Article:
Whether you’re seeing a psychiatrist for the first time or switching to a new provider, it’s normal to feel a little nervous before your first appointment. But a little prep can go a long way, and merely knowing what to expect can help you get more out of the experience. Here’s what five different psychiatrists want every patient to do, and keep in mind, before taking a seat on a new fainting couch.
“Write down your top concerns.”
Dr. Heather Fretwell
Interim chief medical officer at the Sandra Eskenazi Mental Health Center
To make sure you get all your questions answered, and help your doctor understand how to help you, try to arrive at your appointment as prepared as possible. Fretwell suggests writing a list of your top mental-health concerns beforehand. “While a psychiatric interview is pretty thorough, and generally most of your areas of concerns will be automatically asked about,” she says, “we want you to have the confidence that you were able to bring up all items of importance in that first appointment.”
It might feel uncomfortable to meet a new person and immediately put it all out there. But this is the right place to overshare. When you’re talking to a psychiatrist, there’s no such thing as TMI. It’s your doctor’s job to figure out what you need to take care of yourself and your mental wellbeing. That might involve new or different medication, various forms of therapy or some combination of both.
“Be prepared for a potentially intense experience.”
Dr. Cliff Hamilton
Psychiatrist at Summit Medical Group’s Behavioral Health and Cognitive Therapy Center
New Providence, New Jersey
The first appointment with a new psychiatrist is typically a mental health evaluation, which basically means you’ll need to tell a stranger the Story of You. And that’s not always easy.
“Psychiatric treatment is a pretty emotional self-reflection process,” says Hamilton, “which can cause some distress for people.”
But remember: You don’t need to be your most composed, unflappably cool self. This is your psych appointment and you can cry if you want to. So emote freely. If you get too worked up to keep going, your psychiatrist can help you come up with ways to calm yourself down. You can also take a break. Discussing personal stuff can be draining, and it’s OK to hit pause.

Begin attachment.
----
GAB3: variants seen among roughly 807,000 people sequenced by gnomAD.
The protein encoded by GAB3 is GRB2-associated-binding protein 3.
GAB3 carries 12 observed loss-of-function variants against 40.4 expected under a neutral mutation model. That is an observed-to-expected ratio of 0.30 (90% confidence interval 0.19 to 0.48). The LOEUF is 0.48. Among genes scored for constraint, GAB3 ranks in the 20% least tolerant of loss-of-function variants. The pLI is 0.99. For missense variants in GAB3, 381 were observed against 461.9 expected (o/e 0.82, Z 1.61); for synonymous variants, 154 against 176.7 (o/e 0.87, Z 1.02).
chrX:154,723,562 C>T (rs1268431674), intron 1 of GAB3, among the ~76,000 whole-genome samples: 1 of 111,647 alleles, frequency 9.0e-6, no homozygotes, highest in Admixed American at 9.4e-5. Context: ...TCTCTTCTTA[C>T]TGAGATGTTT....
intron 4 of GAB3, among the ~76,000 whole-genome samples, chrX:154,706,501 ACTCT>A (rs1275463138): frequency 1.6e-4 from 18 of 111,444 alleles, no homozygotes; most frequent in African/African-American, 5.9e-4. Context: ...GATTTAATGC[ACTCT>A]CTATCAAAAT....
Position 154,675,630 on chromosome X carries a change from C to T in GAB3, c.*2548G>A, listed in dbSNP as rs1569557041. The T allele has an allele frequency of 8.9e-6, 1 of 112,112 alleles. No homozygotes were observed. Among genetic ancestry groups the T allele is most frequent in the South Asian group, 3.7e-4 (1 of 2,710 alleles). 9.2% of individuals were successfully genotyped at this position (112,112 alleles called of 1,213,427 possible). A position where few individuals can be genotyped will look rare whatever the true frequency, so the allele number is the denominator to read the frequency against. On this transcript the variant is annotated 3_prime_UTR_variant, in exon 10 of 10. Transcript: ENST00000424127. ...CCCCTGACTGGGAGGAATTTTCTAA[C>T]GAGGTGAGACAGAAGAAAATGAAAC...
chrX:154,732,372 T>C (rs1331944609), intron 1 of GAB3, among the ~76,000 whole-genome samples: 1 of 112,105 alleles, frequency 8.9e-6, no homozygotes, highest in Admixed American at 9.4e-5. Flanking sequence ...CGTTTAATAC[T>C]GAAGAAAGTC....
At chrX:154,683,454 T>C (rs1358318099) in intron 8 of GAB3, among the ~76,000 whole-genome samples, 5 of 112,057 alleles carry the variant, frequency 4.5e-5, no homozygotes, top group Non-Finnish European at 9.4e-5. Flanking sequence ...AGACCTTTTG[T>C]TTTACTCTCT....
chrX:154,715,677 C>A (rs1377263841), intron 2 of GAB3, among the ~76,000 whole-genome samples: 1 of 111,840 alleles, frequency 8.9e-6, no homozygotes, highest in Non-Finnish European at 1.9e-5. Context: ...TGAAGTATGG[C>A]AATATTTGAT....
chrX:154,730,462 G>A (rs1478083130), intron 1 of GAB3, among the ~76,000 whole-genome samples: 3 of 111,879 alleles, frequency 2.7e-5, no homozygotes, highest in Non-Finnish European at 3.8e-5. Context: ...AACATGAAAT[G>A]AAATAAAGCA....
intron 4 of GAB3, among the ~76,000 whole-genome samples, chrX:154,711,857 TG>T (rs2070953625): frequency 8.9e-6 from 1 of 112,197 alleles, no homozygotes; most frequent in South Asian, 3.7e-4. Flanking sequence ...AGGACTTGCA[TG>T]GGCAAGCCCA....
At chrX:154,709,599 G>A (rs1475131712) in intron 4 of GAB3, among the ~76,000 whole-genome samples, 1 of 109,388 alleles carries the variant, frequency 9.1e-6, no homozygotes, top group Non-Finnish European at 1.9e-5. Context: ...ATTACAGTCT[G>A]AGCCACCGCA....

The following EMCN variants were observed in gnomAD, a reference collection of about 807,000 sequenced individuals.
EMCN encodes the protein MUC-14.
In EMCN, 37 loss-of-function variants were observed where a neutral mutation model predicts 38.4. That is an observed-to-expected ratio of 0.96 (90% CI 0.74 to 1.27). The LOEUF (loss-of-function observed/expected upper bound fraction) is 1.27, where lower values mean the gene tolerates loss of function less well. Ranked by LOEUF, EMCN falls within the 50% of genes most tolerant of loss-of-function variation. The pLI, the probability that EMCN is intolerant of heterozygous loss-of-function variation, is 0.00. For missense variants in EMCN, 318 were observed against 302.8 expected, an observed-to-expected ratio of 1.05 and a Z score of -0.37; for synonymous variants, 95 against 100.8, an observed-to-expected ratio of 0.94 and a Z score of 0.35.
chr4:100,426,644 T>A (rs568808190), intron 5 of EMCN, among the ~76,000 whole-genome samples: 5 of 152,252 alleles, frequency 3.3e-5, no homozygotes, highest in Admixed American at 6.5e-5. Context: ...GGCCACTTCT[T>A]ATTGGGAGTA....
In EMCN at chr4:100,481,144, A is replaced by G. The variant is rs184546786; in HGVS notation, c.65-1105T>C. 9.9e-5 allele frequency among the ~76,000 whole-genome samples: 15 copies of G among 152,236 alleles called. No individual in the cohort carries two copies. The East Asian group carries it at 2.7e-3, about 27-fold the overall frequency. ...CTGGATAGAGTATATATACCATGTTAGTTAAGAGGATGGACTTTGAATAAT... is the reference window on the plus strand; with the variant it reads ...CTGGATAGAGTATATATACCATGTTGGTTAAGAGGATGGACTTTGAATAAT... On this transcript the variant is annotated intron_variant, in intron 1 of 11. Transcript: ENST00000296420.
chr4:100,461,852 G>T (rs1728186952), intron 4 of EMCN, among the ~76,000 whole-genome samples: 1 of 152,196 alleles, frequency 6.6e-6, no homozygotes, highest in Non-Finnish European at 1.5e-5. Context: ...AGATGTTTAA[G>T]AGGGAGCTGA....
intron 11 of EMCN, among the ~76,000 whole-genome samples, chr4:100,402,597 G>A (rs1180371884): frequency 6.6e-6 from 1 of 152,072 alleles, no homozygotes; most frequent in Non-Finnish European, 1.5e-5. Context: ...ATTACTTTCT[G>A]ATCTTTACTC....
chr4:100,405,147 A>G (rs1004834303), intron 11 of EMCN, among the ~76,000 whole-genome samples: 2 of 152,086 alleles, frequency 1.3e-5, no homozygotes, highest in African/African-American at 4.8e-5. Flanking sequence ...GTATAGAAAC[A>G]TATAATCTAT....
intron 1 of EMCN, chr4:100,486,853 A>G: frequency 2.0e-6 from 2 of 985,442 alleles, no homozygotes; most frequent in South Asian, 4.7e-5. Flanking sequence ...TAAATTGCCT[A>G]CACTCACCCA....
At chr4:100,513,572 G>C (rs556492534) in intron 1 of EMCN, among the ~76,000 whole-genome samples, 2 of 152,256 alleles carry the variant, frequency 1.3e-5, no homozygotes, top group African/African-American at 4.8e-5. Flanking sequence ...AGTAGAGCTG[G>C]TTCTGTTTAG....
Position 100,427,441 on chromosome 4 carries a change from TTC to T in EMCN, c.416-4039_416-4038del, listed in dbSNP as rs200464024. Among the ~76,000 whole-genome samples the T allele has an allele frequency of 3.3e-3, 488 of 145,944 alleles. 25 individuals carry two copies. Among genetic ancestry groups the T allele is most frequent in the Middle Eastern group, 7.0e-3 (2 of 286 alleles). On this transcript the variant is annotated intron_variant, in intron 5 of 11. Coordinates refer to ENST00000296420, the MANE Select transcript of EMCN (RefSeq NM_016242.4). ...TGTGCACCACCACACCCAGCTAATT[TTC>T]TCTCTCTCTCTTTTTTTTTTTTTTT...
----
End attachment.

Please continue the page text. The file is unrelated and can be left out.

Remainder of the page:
Hamilton says that feeling overwhelmed is common and can actually be beneficial to treatment: “When you bring your car to the mechanic, you want it to be making that noise so the person can appropriately diagnose the problem, and this is no different. When people only internalize how they feel, it makes it difficult for us to identify how we can help.”
“Bring a list of your current and past psychiatric medications.”
Dr. Ryan Kimmel
Interim chief of service for psychiatry at the University of Washington Medical Center
Unlike therapists and psychologists, psychiatrists can prescribe medicine — so they’ll want to know about any medications you’re taking or have taken. Kimmel suggests bringing a list of all your current meds, both psychiatric and non-psychiatric, as well as the psychiatric meds you’ve tried in the past. Include the name and dosage for each one. If you don’t remember the dosage of an antidepressant you took 15 years ago, or whether you got the brand-name or generic version of the drug, don’t worry. Just provide whatever info you have. Kimmel says it’s also helpful to bring any bottles of any supplements you take. Many supplements are blends of multiple herbs, vitamins, etc. Your doctor may want to scan the ingredient list to make sure nothing interferes with a prescription drug you’re taking.
“Be as honest as possible about your mental health history.”
Dr. Gary Gronstedt
Psychiatrist with Rogers Behavioral Health
St. Paul, Minnesota
It can be nerve-wracking to see any new doctor; an appointment that requires opening up about your mental health might make you feel especially vulnerable. Gronstedt encourages patients to remember that psychiatrists are there to help you, not judge you. During your appointment, go through your mental health history as transparently and thoroughly as you can. “That way,” Gronstedt says, “your doctor can truly understand your needs and will be best poised to develop a comprehensive treatment plan that’s right for you.
“Think of your first appointment like a date, not a marriage.”
Professor of psychiatry and behavioral sciences at Stanford Health Care
If you meet a new psychiatrist and do the whole “this is who I am” thing, and you’re not feeling the chemistry, it’s OK to say thank you, next.
You should walk into your first appointment as you would a first date: With an open mind. Don’t decide how you feel about a psychiatrist until you’ve had a chance to chat; don’t write them off because they’re not what you were expecting. If the last psychiatrist you saw and liked was exactly your age, and this one is two generations older (or younger), get over it and take a seat.
But if you don’t click during the appointment, Humphreys says, don’t be shy about moving on to another clinician. Even if you go ahead and book a follow-up visit, you’re not locked in. Ultimately, your goal is to obtain effective treatment. Your relationship with the MD taking notes on you is part of the equation. Don’t keep seeing them if there’s just no spark.